Acid victim’s daughter, 18, calls for tougher sentences
Tragic loss: Joanne Rand with daughter Katie, 18, and showing her acid burns in the days before she died PICS: PA
A TEENAGER responsible for Britain’s first acid killing was jailed for 17 years yesterday.
Xeneral Webster (below) threatened a man with a bottle of strong sulphuric acid during a row over a bike.
When the man kicked it away in a panic, it splashed over Joanne Rand, covering her head to toe as she sat on a bench after visiting her daughter’s grave.
The mother-of-three ran to a KFC to wash but died 11 days later after contracting septicaemia from her burns and suffering multiple organ failure.
Prosecutors said it did not matter that Webster had not kicked the bottle or targeted Ms Rand because it was his reckless actions in High Wycombe, Buckinghamshire, that led to her death. He knew the risks because he was the victim of an acid attack two months earlier and is scarred for life.
Judge Angela Morris told him: ‘You and your actions bear the responsibility for Ms Rand’s tragic demise.
Deadly risk: The killer cycles away with bottle of acid after it spilled over victim
‘The cost of your actions were incalculable and irreparable for her family and friends, and there is no sentence which this court can pass which can replace the value of her life.’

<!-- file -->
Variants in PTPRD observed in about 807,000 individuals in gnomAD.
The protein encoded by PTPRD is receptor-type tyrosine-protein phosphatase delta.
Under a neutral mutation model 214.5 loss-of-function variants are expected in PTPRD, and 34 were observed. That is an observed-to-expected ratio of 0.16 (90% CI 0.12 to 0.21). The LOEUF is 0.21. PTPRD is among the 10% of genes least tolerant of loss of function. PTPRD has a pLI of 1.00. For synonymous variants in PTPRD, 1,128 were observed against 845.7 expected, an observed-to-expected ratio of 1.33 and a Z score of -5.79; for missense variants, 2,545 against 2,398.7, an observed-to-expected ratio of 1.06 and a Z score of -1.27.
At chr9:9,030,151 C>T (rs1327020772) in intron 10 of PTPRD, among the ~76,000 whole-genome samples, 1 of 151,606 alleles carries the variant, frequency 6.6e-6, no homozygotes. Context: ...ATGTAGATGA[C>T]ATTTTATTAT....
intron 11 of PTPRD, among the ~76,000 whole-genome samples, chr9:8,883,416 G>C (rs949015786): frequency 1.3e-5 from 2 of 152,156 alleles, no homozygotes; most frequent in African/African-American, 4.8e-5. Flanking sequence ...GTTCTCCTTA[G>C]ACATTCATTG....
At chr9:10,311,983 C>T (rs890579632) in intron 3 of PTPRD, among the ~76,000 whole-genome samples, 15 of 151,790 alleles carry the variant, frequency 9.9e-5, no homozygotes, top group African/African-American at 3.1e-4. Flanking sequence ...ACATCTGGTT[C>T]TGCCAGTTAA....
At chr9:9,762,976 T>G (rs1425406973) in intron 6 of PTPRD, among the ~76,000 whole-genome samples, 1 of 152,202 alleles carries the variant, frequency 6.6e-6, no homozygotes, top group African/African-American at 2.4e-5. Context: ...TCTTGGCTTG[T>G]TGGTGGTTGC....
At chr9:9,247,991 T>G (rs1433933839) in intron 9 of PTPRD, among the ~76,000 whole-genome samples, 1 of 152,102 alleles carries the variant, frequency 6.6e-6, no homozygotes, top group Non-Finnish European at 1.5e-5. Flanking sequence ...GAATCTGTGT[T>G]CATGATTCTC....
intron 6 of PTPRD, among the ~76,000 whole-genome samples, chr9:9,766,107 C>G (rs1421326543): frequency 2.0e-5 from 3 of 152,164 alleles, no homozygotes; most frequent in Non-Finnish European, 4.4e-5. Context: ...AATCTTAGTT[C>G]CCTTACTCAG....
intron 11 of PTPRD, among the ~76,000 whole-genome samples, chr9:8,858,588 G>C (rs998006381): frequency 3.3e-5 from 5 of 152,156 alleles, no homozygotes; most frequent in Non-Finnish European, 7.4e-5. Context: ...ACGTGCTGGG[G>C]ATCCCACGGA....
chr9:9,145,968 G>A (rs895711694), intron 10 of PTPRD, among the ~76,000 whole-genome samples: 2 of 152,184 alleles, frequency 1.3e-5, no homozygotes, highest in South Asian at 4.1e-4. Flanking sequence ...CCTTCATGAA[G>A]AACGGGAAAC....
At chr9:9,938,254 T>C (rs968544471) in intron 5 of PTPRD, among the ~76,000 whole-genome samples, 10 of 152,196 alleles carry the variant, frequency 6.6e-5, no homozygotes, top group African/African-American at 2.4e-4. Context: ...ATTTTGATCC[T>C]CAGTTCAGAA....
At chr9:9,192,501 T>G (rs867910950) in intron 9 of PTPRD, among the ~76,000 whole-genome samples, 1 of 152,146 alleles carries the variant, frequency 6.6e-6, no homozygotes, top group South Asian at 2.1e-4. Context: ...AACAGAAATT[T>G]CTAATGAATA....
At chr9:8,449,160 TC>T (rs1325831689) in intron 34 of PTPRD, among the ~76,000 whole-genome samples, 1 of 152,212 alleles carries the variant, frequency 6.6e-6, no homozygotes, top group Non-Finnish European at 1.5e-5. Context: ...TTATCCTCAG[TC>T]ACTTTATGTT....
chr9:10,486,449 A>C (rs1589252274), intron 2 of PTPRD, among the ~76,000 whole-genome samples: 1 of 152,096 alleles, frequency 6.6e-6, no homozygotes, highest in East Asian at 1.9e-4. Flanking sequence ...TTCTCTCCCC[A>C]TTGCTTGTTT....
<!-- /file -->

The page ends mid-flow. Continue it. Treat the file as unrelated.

Ms Rand’s death at 47 was the second tragedy to hit the family after her daughter Charlotte Pitwell was killed in a car crash aged 19 in 2011.
Her other daughter Katie Pitwell, 18, called yesterday for possession of acid to be punished more severely.
She said after the hearing: ‘I think the buying of acid needs to be restricted, but also, if someone is carrying it, there should be tougher sentences because most of the time they do intend to use it for harm.
CCTV: The victim moments before she was hit by the acid
‘People need to know if they’re carrying that type of stuff it’s going to hurt someone or kill someone.’
Webster, 19, was initially charged with murder over Ms Rand’s death. But his trial was stopped in April after he admitted to the lesser charge of manslaughter.
His lawyers said he had written the victim’s family a letter to say he was ‘very sorry’ and had meant no harm.
But Ms Rand’s sister Jacqueline Joiner, who spoke at the hearing, turned to him and asked: ‘Do you feel any remorse for what you did? You certainly seem to have no regard for anyone, and need to be held accountable.’
After he was sentenced at Reading crown court, Webster screamed abuse at judge Morris, forcing security staff to drag him from the dock. Another of Ms Rand’s sisters, Lynn Ryan, described watching her deteriorate after being burned in June last year.
She said: ‘The day before Jo died, I will never forget the look in her eyes when she asked me, “am I going to die?”. I said no, but I didn’t know. She was so scared and afraid.’
Ms Joiner, 61, added: ‘We’ve kind of been sleepwalking through our lives for the past year, not thinking of it as real. It’s like a nightmare and you just can’t get your head round it.’
Webster, from west London, was also convicted of waving a samurai sword to threaten a woman a few days before Ms Rand was burned.